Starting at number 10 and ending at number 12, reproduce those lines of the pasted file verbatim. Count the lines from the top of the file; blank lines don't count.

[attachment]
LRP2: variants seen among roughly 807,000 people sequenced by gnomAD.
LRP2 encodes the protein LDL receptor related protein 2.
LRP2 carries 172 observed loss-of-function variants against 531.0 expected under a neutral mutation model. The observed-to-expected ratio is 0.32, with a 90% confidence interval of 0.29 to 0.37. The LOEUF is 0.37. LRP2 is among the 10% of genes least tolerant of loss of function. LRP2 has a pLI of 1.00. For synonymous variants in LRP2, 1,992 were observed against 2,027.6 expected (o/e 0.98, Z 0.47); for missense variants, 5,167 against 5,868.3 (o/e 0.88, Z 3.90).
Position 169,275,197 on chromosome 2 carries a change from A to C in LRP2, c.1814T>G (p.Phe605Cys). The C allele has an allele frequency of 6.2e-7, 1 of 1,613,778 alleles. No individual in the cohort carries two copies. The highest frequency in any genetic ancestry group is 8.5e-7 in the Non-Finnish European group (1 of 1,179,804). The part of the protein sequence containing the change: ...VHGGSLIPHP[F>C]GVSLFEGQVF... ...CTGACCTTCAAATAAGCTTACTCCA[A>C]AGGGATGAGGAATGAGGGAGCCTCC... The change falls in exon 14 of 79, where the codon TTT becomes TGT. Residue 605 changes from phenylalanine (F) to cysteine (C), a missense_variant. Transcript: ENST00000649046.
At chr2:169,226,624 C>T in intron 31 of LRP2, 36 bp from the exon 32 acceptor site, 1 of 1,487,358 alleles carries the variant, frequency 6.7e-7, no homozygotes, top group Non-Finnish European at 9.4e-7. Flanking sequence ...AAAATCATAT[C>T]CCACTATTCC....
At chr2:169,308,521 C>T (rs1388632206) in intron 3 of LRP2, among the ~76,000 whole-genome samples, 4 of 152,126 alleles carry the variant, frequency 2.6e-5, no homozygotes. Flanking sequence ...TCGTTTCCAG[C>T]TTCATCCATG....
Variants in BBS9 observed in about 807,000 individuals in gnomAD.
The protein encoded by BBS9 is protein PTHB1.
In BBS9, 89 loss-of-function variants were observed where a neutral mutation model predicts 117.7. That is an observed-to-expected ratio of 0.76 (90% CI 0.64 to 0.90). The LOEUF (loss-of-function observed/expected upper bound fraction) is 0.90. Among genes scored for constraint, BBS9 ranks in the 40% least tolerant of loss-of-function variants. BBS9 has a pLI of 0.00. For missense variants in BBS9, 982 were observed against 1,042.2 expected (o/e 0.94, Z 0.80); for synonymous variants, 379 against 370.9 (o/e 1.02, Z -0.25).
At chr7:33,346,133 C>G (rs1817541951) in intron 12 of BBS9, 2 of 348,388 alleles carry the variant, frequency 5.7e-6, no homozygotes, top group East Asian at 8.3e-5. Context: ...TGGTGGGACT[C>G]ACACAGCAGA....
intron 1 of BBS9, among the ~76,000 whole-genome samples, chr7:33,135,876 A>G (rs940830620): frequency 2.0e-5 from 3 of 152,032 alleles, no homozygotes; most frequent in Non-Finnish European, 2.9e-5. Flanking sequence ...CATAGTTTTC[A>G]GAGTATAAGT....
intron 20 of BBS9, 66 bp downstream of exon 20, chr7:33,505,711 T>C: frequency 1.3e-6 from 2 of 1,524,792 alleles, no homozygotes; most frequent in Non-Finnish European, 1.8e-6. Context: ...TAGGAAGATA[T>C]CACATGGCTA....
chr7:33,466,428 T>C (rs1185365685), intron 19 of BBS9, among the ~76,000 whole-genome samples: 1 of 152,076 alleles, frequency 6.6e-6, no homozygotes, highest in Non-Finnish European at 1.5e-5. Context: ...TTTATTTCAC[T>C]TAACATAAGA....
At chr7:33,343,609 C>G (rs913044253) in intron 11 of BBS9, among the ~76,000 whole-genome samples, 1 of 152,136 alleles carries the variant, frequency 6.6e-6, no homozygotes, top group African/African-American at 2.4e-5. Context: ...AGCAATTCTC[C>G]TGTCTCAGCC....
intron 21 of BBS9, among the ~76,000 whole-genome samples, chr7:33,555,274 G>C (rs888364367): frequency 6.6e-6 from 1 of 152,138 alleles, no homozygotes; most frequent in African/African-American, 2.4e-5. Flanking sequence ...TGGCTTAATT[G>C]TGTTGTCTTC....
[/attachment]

At chr7:33,346,133 C>G (rs1817541951) in intron 12 of BBS9, 2 of 348,388 alleles carry the variant, frequency 5.7e-6, no homozygotes, top group East Asian at 8.3e-5. Context: ...TGGTGGGACT[C>G]ACACAGCAGA....
intron 1 of BBS9, among the ~76,000 whole-genome samples, chr7:33,135,876 A>G (rs940830620): frequency 2.0e-5 from 3 of 152,032 alleles, no homozygotes; most frequent in Non-Finnish European, 2.9e-5. Flanking sequence ...CATAGTTTTC[A>G]GAGTATAAGT....
intron 20 of BBS9, 66 bp downstream of exon 20, chr7:33,505,711 T>C: frequency 1.3e-6 from 2 of 1,524,792 alleles, no homozygotes; most frequent in Non-Finnish European, 1.8e-6. Context: ...TAGGAAGATA[T>C]CACATGGCTA....